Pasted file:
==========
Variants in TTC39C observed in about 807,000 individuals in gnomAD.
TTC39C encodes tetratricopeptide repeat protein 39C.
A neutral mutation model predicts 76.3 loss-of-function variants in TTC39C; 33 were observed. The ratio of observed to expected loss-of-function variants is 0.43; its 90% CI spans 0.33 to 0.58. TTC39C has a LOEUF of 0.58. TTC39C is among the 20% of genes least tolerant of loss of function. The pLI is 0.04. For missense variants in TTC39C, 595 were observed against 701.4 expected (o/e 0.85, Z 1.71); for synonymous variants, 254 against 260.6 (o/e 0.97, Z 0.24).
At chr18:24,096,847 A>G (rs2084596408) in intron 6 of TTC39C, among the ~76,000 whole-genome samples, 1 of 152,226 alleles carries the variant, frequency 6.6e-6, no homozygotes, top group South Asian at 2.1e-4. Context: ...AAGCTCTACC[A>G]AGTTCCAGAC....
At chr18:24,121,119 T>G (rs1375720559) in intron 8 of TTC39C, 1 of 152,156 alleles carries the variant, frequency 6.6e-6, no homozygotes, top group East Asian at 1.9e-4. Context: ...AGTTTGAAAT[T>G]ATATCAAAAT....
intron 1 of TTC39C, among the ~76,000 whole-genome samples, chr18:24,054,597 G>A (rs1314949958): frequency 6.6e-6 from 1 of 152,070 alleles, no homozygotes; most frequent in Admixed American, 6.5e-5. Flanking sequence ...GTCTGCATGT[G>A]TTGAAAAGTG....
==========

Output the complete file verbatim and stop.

Variants in TTC39C observed in about 807,000 individuals in gnomAD.
TTC39C encodes tetratricopeptide repeat protein 39C.
A neutral mutation model predicts 76.3 loss-of-function variants in TTC39C; 33 were observed. The ratio of observed to expected loss-of-function variants is 0.43; its 90% CI spans 0.33 to 0.58. TTC39C has a LOEUF of 0.58. TTC39C is among the 20% of genes least tolerant of loss of function. The pLI is 0.04. For missense variants in TTC39C, 595 were observed against 701.4 expected (o/e 0.85, Z 1.71); for synonymous variants, 254 against 260.6 (o/e 0.97, Z 0.24).
At chr18:24,096,847 A>G (rs2084596408) in intron 6 of TTC39C, among the ~76,000 whole-genome samples, 1 of 152,226 alleles carries the variant, frequency 6.6e-6, no homozygotes, top group South Asian at 2.1e-4. Context: ...AAGCTCTACC[A>G]AGTTCCAGAC....
At chr18:24,121,119 T>G (rs1375720559) in intron 8 of TTC39C, 1 of 152,156 alleles carries the variant, frequency 6.6e-6, no homozygotes, top group East Asian at 1.9e-4. Context: ...AGTTTGAAAT[T>G]ATATCAAAAT....
intron 1 of TTC39C, among the ~76,000 whole-genome samples, chr18:24,054,597 G>A (rs1314949958): frequency 6.6e-6 from 1 of 152,070 alleles, no homozygotes; most frequent in Admixed American, 6.5e-5. Flanking sequence ...GTCTGCATGT[G>A]TTGAAAAGTG....